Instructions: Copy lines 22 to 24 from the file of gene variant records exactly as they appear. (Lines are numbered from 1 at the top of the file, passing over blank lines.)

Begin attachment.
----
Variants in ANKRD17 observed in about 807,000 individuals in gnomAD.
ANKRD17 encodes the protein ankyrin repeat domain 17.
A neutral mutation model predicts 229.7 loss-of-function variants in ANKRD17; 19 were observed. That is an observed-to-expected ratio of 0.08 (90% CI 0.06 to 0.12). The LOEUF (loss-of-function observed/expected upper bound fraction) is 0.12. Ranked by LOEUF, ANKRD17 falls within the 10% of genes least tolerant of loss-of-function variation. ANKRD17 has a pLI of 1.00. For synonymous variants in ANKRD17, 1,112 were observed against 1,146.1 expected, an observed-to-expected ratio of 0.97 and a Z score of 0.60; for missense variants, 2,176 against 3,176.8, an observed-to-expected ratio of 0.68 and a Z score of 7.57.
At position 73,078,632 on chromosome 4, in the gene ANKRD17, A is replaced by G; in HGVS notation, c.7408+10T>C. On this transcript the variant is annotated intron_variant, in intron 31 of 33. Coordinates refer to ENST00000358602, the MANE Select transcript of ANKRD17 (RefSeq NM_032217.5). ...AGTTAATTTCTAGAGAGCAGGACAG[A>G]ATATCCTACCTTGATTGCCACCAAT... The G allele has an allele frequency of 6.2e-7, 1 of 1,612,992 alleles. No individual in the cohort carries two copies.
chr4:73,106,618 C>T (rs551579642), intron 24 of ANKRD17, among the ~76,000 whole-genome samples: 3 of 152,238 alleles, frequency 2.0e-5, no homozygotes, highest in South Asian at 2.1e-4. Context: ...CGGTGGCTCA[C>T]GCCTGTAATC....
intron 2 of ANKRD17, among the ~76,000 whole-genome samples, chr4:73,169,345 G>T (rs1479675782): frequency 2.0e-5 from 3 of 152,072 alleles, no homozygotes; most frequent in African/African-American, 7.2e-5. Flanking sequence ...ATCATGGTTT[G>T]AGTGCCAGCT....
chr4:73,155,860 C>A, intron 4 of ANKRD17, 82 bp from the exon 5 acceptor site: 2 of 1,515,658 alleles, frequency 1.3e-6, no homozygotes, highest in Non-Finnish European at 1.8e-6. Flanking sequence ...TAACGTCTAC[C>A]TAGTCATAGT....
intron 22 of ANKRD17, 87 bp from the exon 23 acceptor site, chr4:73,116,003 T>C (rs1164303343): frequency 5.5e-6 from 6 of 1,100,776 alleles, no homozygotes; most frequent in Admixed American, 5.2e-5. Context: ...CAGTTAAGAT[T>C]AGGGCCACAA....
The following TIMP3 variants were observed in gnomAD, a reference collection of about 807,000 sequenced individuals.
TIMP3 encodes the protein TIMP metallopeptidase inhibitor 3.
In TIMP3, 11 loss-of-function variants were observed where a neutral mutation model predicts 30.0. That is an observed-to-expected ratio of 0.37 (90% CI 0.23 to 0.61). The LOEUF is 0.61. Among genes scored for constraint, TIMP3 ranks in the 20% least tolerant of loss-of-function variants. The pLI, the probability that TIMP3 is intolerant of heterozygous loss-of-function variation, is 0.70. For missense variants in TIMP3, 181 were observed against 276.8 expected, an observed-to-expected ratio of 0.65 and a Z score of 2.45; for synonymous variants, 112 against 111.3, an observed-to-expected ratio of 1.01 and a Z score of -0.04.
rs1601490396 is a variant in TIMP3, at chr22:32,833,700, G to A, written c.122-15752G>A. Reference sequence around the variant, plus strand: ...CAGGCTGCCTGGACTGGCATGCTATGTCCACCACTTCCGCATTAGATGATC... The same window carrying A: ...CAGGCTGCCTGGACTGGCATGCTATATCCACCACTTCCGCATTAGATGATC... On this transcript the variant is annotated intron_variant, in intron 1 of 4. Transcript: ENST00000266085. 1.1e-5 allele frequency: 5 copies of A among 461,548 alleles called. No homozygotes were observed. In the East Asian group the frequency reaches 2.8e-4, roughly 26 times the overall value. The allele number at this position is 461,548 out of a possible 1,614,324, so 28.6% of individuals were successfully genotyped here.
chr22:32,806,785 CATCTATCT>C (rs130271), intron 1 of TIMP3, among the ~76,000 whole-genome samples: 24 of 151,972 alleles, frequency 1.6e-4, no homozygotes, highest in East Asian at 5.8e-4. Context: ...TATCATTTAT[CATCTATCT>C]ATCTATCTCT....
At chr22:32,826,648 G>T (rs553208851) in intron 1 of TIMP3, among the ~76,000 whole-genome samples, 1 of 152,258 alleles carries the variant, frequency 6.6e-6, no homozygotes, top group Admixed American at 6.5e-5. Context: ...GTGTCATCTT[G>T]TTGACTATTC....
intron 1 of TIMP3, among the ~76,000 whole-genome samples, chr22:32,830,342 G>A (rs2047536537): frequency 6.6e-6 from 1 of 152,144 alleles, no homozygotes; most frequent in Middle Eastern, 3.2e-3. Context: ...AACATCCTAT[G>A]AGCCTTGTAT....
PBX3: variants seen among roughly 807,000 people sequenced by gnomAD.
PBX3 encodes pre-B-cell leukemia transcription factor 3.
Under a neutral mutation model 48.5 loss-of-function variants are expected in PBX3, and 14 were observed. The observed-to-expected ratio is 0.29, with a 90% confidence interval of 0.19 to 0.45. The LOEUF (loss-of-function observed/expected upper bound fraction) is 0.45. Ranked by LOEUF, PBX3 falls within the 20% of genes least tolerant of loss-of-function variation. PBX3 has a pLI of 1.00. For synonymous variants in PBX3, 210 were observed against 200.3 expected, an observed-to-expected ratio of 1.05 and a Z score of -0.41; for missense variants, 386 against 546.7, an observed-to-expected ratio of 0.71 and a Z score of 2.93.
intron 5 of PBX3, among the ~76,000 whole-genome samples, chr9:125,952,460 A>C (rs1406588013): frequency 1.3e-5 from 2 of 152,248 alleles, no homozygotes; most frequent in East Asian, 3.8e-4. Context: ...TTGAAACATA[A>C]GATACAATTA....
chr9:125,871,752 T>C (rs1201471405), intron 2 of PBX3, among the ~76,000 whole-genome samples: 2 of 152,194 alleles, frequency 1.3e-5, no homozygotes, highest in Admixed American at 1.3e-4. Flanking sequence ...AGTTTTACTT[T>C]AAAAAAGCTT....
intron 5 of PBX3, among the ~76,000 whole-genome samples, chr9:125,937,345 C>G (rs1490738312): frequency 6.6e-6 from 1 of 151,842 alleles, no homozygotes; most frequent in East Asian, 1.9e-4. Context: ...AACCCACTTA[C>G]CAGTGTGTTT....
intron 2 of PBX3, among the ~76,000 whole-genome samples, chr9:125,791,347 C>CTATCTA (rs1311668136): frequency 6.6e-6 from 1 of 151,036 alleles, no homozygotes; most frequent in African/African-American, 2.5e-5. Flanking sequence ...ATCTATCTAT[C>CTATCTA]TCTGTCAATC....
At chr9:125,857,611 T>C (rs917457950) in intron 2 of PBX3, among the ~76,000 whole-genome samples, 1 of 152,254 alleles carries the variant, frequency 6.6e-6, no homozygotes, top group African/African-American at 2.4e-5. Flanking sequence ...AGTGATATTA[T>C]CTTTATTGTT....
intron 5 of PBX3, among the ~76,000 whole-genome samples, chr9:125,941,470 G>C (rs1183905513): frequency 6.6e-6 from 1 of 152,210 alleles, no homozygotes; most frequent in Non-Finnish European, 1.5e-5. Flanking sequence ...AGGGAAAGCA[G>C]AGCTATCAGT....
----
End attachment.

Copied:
intron 2 of PBX3, among the ~76,000 whole-genome samples, chr9:125,791,347 C>CTATCTA (rs1311668136): frequency 6.6e-6 from 1 of 151,036 alleles, no homozygotes; most frequent in African/African-American, 2.5e-5. Flanking sequence ...ATCTATCTAT[C>CTATCTA]TCTGTCAATC....
At chr9:125,857,611 T>C (rs917457950) in intron 2 of PBX3, among the ~76,000 whole-genome samples, 1 of 152,254 alleles carries the variant, frequency 6.6e-6, no homozygotes, top group African/African-American at 2.4e-5. Flanking sequence ...AGTGATATTA[T>C]CTTTATTGTT....
intron 5 of PBX3, among the ~76,000 whole-genome samples, chr9:125,941,470 G>C (rs1183905513): frequency 6.6e-6 from 1 of 152,210 alleles, no homozygotes; most frequent in Non-Finnish European, 1.5e-5. Flanking sequence ...AGGGAAAGCA[G>C]AGCTATCAGT....